Since I resumed the remedial program a week late, I spent the shortest time in that department.
Highlight(s): The usual ward rounds which included bedside patient examinations and drilling, an outpatient clinic with the consultant (who took her time to teach us after we had clerked some patients); and a departmental seminar where a project was proposed by a SR, followed by an interesting debate with the topic- The Doctor: The King Or A Pawn? Several arguments where made for and against both labels, but the moderator’s conclusion was that the doctor is neither the king nor the pawn, but a visionary leader who is to adequately head the healthcare team.
Challenge(s): I was a little flustered while in the unit, because of a particular SR who made me nervous on several occasions. I’d missed a rather cheap question (something on an antibiotic) and she seemed to pick on me afterwards. Thankfully, that was the only posting where I experienced such a challenge.
2. Obstetrics and Gynecology (Reproductive Endocrinology and Fertility Regulation unit)
Highlight(s): Outpatient clinics and ward rounds. The Regs in O&G really moved stuff, so I learnt a number of important things, like how to use the Partograph.
In one of the clinics, I clerked a patient with another colleague, and our top differential diagnosis was Amenorrhea, only to be told afterwards by the supervising Reg, that it was simply a case of Secondary Infertility!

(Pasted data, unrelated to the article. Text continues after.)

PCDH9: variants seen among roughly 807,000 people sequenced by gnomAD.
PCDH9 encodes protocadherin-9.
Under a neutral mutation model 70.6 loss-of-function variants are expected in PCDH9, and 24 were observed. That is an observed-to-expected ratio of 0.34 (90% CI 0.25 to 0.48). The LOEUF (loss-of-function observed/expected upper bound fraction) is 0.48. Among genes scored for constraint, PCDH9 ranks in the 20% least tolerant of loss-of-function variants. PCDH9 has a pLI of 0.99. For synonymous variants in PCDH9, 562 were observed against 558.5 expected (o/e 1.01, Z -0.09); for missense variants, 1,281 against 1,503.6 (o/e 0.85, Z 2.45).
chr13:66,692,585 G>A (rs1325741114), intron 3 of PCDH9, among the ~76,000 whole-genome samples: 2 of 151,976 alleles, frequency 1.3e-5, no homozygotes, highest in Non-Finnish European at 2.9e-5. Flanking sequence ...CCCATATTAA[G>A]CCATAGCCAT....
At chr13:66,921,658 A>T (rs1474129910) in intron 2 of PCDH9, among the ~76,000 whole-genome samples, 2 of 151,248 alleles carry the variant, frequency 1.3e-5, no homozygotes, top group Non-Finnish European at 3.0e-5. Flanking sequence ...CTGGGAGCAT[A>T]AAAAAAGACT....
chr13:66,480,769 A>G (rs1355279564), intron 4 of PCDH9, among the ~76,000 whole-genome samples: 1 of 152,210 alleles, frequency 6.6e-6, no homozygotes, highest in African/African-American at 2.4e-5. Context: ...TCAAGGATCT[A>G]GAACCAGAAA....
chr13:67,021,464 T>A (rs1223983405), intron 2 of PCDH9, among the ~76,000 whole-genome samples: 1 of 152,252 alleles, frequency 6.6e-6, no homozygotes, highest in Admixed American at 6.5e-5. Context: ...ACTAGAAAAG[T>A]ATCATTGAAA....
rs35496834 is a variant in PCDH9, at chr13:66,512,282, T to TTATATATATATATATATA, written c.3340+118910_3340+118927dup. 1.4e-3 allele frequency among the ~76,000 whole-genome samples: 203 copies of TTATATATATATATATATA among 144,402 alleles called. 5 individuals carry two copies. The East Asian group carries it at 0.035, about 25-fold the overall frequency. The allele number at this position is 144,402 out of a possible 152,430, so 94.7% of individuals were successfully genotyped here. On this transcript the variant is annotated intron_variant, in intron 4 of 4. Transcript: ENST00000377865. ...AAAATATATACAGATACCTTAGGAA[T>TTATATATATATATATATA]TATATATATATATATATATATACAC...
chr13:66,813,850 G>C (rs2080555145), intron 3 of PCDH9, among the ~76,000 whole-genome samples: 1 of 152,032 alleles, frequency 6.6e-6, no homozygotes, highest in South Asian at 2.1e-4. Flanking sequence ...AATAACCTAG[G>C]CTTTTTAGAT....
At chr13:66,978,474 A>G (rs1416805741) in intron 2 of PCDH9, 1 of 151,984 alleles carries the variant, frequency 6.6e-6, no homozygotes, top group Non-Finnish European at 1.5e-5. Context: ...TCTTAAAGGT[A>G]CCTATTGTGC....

Shame no fit catch us that day, but we live to learn, and thankfully we did learn.
Challenges(s): Well, the experience was quite pleasant although I didn’t get to observe any labour & delivery or c-section because of the unit I was posted to.
3. Internal Medicine (Renal unit)
I had an interesting time here as well. There was a lot to learn on a daily basis. The team members were quite accommodating too.
Highlight(s): Ward rounds and Outpatient clinics.
Challenge(s): It was quite sad to see a number of patients suffering from chronic renal insufficiency, not able to afford payment for their dialysis.
4. Surgery (General Surgery unit)
This was eventually the least stressful of my postings.
Originally, I was posted to the Neurosurgery unit, which I accepted in good faith, despite the rumors of unpleasant treatment from the unit.